The differences between villages

Published 8:52 pm Monday, March 17, 2014

By Joseph Bass

An ancient proverb states, “It takes a village to raise a child.” Although many people quote the proverb and write books and articles about it, most people don’t understand the total concept.

Another way of looking at this proverb is that young adults are a product of their villages. They are not the product of the schools, the police department, the recreational department, the library, the social welfare department, the city council, the school board and so on. They are the product of their parents and the other adults who daily interact with children in their villages.

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Personal interactions between villagers and children form the psychological framework of thinking that makes a child into either a successful, responsible, self-reliant adult or a failing, irresponsible older person.

There are differences between the villages that produce successful, responsible, self-reliant adults and those that produce failing, irresponsible ones. If we are going to improve society we must learn about the differences and work to make the failing villages into successful ones.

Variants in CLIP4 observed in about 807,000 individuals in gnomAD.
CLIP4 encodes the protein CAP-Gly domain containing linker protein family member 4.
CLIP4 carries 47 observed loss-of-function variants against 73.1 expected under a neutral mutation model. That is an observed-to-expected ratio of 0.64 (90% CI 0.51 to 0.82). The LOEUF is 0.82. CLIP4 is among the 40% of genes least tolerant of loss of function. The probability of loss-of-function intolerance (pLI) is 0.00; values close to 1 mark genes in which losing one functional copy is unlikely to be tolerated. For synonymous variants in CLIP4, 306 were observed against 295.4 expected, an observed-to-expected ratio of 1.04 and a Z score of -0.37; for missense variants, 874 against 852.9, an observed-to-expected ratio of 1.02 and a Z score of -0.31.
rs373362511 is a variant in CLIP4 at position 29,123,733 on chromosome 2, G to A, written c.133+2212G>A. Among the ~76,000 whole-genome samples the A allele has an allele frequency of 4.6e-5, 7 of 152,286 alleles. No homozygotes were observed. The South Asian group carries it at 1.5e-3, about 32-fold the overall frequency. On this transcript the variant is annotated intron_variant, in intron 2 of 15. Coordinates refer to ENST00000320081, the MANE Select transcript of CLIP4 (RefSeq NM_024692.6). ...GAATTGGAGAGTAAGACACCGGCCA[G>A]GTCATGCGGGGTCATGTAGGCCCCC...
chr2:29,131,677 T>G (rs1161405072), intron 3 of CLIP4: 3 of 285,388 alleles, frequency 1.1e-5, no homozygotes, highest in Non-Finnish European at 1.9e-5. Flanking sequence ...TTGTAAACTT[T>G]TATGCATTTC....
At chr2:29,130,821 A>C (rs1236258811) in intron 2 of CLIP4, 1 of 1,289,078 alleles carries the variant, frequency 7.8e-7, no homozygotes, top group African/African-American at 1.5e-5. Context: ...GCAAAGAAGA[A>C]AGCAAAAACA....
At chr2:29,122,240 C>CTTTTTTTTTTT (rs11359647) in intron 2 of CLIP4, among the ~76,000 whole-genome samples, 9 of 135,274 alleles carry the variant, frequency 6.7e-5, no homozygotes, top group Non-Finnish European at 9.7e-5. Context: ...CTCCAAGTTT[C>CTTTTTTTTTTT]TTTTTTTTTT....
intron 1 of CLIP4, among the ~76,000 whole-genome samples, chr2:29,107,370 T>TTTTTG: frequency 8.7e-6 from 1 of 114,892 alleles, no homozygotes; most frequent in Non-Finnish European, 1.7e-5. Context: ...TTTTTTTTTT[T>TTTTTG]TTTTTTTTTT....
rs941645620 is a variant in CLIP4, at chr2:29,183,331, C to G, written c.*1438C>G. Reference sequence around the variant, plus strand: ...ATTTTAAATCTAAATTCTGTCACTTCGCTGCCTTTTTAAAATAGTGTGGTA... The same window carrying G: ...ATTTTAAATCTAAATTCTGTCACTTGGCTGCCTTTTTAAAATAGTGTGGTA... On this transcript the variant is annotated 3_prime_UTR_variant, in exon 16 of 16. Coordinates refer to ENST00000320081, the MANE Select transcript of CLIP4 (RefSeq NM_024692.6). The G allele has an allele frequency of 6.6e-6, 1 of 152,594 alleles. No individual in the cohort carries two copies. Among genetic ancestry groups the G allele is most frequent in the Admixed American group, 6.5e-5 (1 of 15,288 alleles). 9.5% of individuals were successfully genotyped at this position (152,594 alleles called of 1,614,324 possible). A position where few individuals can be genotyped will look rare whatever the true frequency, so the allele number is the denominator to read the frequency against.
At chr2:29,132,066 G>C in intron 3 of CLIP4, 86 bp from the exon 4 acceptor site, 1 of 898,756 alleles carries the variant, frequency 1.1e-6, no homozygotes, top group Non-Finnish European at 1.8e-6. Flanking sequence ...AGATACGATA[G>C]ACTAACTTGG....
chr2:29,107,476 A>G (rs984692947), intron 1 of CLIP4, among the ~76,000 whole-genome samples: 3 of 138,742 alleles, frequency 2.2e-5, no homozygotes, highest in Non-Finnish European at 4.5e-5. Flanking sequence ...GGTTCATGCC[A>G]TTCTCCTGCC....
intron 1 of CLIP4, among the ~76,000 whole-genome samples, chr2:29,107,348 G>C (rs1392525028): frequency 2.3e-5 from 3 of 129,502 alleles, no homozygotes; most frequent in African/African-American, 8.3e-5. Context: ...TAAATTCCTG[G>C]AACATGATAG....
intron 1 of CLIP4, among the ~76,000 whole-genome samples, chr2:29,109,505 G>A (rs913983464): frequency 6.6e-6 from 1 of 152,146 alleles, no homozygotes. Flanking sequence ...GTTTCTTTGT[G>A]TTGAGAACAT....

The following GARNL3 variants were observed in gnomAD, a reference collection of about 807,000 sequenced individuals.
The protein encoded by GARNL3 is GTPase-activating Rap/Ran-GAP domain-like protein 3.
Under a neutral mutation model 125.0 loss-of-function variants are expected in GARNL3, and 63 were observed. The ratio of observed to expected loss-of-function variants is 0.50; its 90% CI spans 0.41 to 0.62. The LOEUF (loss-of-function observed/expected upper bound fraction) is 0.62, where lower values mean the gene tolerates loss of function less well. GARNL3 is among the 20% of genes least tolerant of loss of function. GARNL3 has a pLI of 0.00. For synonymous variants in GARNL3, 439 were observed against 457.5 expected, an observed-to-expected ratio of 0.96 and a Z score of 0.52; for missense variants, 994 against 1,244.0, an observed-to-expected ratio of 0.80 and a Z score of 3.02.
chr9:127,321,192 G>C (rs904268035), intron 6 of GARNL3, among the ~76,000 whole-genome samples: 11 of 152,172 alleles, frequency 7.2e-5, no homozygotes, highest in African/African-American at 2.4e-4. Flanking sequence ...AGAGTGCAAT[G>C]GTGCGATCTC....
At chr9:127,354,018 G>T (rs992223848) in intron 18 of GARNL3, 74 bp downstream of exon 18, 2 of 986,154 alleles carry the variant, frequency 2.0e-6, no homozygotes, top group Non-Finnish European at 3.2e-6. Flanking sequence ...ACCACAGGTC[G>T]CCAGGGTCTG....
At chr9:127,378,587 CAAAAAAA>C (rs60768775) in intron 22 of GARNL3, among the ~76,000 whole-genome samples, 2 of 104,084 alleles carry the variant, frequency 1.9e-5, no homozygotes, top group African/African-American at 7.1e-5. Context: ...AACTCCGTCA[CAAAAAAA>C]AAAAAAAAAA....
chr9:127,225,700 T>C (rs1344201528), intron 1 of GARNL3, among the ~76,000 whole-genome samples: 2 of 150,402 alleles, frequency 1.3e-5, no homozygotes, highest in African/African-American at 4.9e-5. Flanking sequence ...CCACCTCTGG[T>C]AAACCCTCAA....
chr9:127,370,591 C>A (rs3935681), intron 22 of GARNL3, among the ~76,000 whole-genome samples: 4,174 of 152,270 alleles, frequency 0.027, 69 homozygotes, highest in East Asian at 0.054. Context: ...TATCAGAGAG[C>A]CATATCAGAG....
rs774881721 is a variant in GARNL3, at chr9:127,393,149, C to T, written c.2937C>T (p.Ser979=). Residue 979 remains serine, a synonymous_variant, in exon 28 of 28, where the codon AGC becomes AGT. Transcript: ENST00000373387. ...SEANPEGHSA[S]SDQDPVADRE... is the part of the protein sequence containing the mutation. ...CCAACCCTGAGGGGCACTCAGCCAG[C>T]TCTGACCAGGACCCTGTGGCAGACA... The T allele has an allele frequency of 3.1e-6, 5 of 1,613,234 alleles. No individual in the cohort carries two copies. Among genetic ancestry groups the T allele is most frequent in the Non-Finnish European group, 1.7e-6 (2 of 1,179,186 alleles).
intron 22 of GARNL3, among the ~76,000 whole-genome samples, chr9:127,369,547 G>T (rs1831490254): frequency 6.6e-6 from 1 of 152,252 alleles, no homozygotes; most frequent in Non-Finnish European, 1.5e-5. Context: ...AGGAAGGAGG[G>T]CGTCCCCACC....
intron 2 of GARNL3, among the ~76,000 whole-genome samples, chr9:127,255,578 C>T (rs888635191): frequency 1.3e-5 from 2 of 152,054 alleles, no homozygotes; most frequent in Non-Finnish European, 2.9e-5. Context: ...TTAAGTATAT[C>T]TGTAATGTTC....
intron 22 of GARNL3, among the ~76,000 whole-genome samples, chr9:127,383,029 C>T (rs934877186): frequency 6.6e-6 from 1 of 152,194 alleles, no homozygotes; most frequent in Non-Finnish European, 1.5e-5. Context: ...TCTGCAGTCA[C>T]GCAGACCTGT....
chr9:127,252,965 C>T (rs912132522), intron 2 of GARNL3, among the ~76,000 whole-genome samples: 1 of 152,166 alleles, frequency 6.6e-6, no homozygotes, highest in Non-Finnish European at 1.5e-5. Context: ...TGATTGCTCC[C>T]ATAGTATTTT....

American villages are usually “bottom up” in terms of their development and approaches to self-reliance. The adults demonstrate a can-do attitude, and their actions reflect this view. They are can-do in terms of developing their own businesses, churches and community organizations. If something needs to be done within the village, adults and older children come together and form a community team to provide what is needed.

This pattern was repeated for hundreds of years across the American frontier. It continues today in many areas of our nation. The products of these villages are successful, responsible, self-reliant adults.

During the last 50 years a new type of village has developed in the United States that has not produced successful, responsible, self-reliant adults. These villages are based on the belief that villagers are not capable of providing for themselves. They are not capable of doing what other Americans have done for hundreds of years.

This view holds that government must form “top down” organizations, providing services and funds to support the villagers. The results have been disastrous for the villagers and their children, who are becoming failing, irresponsible adults.

To overcome the damage done during the last 50 years, it is necessary to move from the top-down governmental approach and return to what has worked in America for hundreds of years. But too many people continue to believe in the disastrous, top-down approach to social change.

Through their donations and actions they continue to support efforts that have not and never will achieve the desired results.

There are socially dynamic approaches to building villages that encourage villagers to demonstrate their real capabilities. These approaches can result in villagers taking responsibility for themselves, their children and their communities.

Perhaps one day enough people will become interested in these ideas for them to be put into effective action.

Joseph L. Bass is the executive director of ABetterSociety.Info Inc., a nonprofit organization in Hobson. Email him at